ISU Student Sues University Over Free Speech Restrictions, Threat of Withheld Graduation
Iowa State University threatened to put Robert Dunn's graduation on hold if he didn't comply with new "harassment" policies he claims could limit his free speech rights.
One Iowa State University student is suing the school for telling him that his graduation could be put on hold if he refuses to comply with a new harassment policy that the student fears could threaten his free speech rights.
Robert Dunn, president of the university’s conservative Young America’s Foundation chapter received an email from the university in September with a training program on ISU’s “non-discrimination policies and procedures.”
“The 118-slide course provides no expressed acknowledgement of any free speech rights of students or their interplay with the university’s ‘harassment’ policies,” a statement from Alliance Defending Freedom (ADF), the non-profit legal firm representing Dunn, claims.
“Harassment,” ADF stated, is defined by ISU in “numerous other vague, overly broad, and discriminatory ways,” including speech that may “annoy or alarm another” student. Dunn, a Christian, and other students have been told by ISU that opposing same-sex marriage could be considered a violation of the policies.
“These are anti-speech policies masquerading as ‘harassment’ policies,” said Senior Counsel Casey Mattox in ADF’s statement Monday. Nevertheless, students were required to certify that they had “read, understood, and will comply with” the training.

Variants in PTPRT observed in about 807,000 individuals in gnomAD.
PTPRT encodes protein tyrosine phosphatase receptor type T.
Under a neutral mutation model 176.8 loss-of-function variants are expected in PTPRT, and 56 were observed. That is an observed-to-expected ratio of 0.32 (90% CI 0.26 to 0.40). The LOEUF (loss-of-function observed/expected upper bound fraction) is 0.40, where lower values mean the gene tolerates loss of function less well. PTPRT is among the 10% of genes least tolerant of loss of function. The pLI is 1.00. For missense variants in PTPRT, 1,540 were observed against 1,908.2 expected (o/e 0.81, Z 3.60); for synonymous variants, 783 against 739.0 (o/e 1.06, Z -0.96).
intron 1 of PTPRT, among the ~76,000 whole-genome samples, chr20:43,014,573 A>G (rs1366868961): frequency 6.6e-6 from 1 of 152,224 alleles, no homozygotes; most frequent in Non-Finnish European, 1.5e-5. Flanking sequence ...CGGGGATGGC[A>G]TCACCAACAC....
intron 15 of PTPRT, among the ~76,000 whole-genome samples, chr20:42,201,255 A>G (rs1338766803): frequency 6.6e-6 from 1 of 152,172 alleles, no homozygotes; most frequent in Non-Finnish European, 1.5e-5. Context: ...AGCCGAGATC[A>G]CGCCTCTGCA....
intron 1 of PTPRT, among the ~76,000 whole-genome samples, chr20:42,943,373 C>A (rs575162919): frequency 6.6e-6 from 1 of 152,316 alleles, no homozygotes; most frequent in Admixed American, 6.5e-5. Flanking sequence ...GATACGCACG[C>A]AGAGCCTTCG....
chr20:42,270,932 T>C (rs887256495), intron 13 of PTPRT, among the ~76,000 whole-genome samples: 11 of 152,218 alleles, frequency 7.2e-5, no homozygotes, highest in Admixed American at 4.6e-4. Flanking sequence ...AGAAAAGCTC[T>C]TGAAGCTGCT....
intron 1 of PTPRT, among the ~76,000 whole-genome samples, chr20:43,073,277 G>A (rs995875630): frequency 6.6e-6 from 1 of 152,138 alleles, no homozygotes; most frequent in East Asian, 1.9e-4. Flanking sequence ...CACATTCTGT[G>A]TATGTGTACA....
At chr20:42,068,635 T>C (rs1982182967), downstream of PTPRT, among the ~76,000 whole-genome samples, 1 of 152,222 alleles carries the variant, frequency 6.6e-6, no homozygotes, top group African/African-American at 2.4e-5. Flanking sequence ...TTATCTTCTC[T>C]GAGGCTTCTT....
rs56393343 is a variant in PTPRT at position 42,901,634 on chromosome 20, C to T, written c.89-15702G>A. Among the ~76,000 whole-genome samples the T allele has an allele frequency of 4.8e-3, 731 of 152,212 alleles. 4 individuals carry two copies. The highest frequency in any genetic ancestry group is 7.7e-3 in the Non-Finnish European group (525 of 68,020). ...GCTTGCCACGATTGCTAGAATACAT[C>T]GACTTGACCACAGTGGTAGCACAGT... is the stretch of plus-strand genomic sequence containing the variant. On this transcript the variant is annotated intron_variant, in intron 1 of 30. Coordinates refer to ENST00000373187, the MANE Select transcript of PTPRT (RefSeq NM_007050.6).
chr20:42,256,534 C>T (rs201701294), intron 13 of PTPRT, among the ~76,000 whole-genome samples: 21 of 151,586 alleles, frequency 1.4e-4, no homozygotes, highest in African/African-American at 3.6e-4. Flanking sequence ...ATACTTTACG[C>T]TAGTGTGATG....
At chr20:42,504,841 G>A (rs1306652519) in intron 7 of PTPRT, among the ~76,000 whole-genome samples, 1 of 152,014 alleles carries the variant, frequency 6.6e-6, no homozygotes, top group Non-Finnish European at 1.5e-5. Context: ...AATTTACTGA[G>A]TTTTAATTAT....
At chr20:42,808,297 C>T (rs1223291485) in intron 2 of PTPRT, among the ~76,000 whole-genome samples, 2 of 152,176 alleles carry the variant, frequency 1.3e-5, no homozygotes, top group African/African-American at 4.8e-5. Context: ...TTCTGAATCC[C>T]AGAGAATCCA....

When Dunn asked ISU’s Office of Equal Opportunity what would happen if he did not comply with the training, the office responded that his graduation would be put on hold and that his name would be placed on a list for the dean of students to review.
ADF filed the lawsuit with a federal district court in Iowa Monday on Dunn’s behalf, claiming that the university’s actions violate the First and 14th amendments to the U.S. Constitution. “The First Amendment’s Free Speech clause, incorporated and made applicable to the states by the Fourteenth Amendment to the United States Constitution, prohibits content and viewpoint discrimination in public forums on the campus of a public university,” the lawsuit states.
The lawsuit seeks the immediate suspension of the university’s policies and a declaration by the court that the university violated the First and 14th amendments.
“Iowa State thinks it knows better than the First Amendment,” Mattox said, “making other student’s opinions about the value of a student’s speech, instead of the Constitution, the test for whether speech is protected.”
Iowa State University News Service declined The Stream’s request for comment, saying that the university did not typically comment on pending litigation.